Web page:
She then started telling me about her metaphysical movement course that she was teaching. She tilted her head from side to side, and extended her arms out, “That’s how you connect with your true self. You free yourself from all of those things that you think you are. That you were told you are. You just connect to energy of who you really are; none of this other stuff.” That was one of the techniques she used to get into character during her acting career.
We then spoke about biodynamic and regenerative farming, and various other topics.
She mentioned that she was looking to purchase a parcel of land so that she could once more live with her two children. I told her that was a beautiful idea, but perhaps to wait until early next year given that the housing bubble was on the verge of blowing up.
And then said, “that’s me over there.”
I looked in the direction of her pointing finger to a circa mid-1980s dented up white RV with pieces of duct tape holding up the front bumper and random stickers. There was a blue tarp covering what appeared to be some kind of scooter affixed to its rear door. The tires were worn and muddy, and there were patches of rust. One of the doors had strips of duct tape for a window.
“I’m driving over to Walmart. That’s where I park. They let you stay overnight. There’s no bathroom or shower, but it’s safe. There’s drug deals all night, but I park near the other RVs. I don’t know who’s in them, but it’s safe.”
A miserable heaviness came over me. I wasn’t really listening to her go on about the pros and cons of overnight Walmart parking. I had an overwhelming urge to ask her to follow me home in her RV. I just wanted her to be really safe in a warm loving home, not huddling alone in a corner of her cold RV in some forlorn parking lot.
I was angry at her grown ass kids. I told myself that I didn’t know her real story, or what really happened in her past: what sins who was guilty of when. I tried to not judge her or her children. I tried to snap out of it. I wanted to let her finish explaining why she didn’t mind living in her RV, that she didn’t want to pay rent again because she wanted own her place, and that she was going to figure out a way to finally buy her little piece of land.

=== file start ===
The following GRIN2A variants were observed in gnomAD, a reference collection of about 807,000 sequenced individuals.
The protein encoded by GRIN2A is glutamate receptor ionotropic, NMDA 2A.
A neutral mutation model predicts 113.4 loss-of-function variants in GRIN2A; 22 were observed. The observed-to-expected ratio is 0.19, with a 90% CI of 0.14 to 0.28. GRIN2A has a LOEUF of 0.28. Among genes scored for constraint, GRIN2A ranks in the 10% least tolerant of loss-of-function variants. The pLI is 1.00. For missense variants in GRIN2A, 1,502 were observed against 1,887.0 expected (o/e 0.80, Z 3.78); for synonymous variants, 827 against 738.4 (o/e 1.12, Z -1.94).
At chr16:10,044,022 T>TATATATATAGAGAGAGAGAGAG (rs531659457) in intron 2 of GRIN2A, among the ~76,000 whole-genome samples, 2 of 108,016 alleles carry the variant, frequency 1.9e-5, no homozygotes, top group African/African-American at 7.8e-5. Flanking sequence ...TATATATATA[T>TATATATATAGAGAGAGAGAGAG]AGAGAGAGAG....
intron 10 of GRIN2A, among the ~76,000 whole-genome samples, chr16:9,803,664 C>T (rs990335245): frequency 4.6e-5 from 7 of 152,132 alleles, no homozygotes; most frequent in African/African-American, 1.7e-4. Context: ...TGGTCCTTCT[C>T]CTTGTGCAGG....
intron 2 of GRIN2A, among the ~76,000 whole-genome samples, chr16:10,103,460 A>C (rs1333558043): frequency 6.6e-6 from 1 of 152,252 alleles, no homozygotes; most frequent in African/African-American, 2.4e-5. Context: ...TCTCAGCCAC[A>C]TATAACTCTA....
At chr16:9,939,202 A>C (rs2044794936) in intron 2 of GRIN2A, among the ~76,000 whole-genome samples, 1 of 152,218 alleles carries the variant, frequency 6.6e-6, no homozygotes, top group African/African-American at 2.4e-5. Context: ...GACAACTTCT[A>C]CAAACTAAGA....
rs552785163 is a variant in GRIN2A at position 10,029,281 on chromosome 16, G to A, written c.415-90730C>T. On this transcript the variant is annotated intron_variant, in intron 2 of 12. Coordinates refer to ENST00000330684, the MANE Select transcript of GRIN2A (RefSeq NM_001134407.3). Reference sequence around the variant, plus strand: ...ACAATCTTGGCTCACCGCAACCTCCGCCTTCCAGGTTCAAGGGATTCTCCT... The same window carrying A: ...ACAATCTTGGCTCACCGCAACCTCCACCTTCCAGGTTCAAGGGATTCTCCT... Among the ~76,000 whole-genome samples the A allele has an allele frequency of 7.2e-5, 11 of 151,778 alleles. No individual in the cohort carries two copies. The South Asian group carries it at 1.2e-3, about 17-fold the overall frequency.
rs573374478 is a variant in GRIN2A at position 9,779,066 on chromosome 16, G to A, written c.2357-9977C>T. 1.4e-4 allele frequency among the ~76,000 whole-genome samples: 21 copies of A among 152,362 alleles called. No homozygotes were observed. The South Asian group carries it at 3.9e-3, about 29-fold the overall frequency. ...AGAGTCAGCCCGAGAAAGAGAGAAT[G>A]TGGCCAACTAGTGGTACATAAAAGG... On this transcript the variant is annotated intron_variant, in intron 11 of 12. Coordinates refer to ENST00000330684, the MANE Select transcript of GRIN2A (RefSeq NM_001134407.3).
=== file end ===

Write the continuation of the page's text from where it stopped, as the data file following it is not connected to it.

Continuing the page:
“All I need is three acres. I can make gardens and grow food for us. Three acres is perfect.”
A beautiful and intelligent old lady is barely staying alive in America, while the illegitimate Federal government steals money via unconstitutional taxes in order to illegally fight proxy wars in Ukraine, sending hundreds of billions of dollars to a CIA installed puppet, as the Southern border remains wide open so that the illegal invaders can be rewarded with “free” money, hotel accommodations and healthcare, and nations like Pakistan and South Africa receive billions for sex education and “climate change” respectively, while grifting politicians on relatively modest salaries and their crackhead offspring become multimillionaires in dirty backroom deals and treasonous insider trading schemes.
And who could ever forget the “free” slow kill bioweapon injections, test kits and masks as paid for under threat of State violence by the American tax slaves?
On my drive home I kept thinking of this elegant old lady. I was both heartbroken and enraged. “How the fuck can this be happening in America,” I kept asking myself. To which I was continuously reminding myself that this is what America has become. All by design. There are hundreds of thousands of homeless people just like this elegant old lady, and that trend is only getting worse.
I cursed through the windshield at the dark road and the tiny red lights getting brighter up ahead. I looked up at the starless sky and cursed some more. And then I slowed down, and made a call to my mother. I could still talk to her, and I could take care for her the best I can. She told me she was very tired and was going to go to sleep, that she loved me, and to drive safely.
Yeah, sure, it’s a fucked up cold-blooded world we live in, but it’s not all bad. Far from it.
The old lady just texted me. Next time I’m town I’ll try to help her. Maybe I’m just selfish, and that these random acts of kindness are nothing more than ulterior motives to help me live with myself a bit better. A kind of coping mechanism. I guess it doesn’t really matter in the end what the reasons are, just that we do whatever we can in our own small ways to try to unfuck this world, and ourselves.
Do NOT comply.